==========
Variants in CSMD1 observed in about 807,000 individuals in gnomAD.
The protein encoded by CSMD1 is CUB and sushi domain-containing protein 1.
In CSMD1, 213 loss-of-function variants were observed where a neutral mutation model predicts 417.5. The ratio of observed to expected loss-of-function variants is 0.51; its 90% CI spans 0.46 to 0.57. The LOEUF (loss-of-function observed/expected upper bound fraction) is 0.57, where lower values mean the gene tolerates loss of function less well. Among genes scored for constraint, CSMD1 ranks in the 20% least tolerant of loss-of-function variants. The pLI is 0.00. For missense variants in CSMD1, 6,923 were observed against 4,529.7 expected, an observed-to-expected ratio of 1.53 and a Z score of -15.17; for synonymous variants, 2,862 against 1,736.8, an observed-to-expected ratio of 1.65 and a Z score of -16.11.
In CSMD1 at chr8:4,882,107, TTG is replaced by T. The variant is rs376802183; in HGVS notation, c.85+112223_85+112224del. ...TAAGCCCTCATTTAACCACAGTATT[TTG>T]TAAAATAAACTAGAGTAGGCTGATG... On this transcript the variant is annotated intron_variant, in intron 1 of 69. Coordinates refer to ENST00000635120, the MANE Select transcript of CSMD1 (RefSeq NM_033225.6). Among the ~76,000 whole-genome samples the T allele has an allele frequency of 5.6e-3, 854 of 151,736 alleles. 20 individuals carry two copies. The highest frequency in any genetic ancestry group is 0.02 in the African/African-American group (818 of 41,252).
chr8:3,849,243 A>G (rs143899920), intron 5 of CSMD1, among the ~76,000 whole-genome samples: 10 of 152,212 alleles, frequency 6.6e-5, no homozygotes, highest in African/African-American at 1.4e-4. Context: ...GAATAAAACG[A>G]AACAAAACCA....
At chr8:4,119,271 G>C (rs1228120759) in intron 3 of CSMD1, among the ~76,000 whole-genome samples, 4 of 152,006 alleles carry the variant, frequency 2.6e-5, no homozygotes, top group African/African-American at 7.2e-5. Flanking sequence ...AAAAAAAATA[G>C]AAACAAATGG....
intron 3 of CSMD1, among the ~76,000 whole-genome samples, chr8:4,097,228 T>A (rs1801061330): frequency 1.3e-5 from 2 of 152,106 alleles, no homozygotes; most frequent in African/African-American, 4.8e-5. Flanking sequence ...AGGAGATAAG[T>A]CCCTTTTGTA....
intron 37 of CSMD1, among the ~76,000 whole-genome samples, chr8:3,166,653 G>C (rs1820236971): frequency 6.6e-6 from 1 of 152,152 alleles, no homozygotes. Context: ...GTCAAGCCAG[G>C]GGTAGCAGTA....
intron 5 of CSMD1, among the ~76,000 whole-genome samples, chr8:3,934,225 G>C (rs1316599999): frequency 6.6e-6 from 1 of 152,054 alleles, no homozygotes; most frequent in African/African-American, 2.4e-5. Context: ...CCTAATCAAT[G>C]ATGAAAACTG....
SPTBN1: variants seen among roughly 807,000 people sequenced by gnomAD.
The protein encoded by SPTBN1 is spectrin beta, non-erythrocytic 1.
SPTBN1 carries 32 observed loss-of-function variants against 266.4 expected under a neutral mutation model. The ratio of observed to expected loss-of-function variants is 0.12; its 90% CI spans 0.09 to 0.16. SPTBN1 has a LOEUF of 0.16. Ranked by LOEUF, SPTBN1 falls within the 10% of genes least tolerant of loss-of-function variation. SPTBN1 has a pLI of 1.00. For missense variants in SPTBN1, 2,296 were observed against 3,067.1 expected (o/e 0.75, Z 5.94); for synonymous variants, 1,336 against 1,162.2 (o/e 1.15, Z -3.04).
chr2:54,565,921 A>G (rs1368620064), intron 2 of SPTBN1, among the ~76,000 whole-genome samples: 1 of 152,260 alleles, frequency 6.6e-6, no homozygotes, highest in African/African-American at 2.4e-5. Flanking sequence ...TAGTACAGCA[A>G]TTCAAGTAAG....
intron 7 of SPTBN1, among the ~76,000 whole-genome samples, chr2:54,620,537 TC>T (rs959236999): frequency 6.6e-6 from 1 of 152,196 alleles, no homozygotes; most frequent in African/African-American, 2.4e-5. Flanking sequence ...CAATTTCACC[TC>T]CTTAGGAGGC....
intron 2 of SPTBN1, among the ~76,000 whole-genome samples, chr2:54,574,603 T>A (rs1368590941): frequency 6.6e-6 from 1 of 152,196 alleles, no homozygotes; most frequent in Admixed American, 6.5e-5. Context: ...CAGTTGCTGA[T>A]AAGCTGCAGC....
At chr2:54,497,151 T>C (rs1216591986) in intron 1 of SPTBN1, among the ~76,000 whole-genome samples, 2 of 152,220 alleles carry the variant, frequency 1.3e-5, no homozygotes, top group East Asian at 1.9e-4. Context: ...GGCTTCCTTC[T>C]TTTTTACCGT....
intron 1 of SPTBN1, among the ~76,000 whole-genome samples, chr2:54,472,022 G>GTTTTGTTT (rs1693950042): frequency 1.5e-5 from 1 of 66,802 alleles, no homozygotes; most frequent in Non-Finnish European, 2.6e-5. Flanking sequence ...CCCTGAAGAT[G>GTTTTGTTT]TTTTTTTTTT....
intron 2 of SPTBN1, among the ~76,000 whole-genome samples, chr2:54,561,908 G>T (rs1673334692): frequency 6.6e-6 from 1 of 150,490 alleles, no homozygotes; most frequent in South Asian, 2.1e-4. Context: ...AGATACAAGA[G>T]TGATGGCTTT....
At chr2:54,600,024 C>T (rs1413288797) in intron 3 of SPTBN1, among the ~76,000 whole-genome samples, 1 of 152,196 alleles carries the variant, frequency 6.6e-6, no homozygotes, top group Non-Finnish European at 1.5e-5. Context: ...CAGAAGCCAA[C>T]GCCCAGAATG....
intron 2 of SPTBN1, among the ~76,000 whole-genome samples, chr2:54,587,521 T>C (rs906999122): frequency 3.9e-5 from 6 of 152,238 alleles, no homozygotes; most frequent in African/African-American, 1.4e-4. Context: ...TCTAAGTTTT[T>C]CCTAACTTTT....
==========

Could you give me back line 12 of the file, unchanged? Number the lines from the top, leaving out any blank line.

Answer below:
SPTBN1 carries 32 observed loss-of-function variants against 266.4 expected under a neutral mutation model. The ratio of observed to expected loss-of-function variants is 0.12; its 90% CI spans 0.09 to 0.16. SPTBN1 has a LOEUF of 0.16. Ranked by LOEUF, SPTBN1 falls within the 10% of genes least tolerant of loss-of-function variation. SPTBN1 has a pLI of 1.00. For missense variants in SPTBN1, 2,296 were observed against 3,067.1 expected (o/e 0.75, Z 5.94); for synonymous variants, 1,336 against 1,162.2 (o/e 1.15, Z -3.04).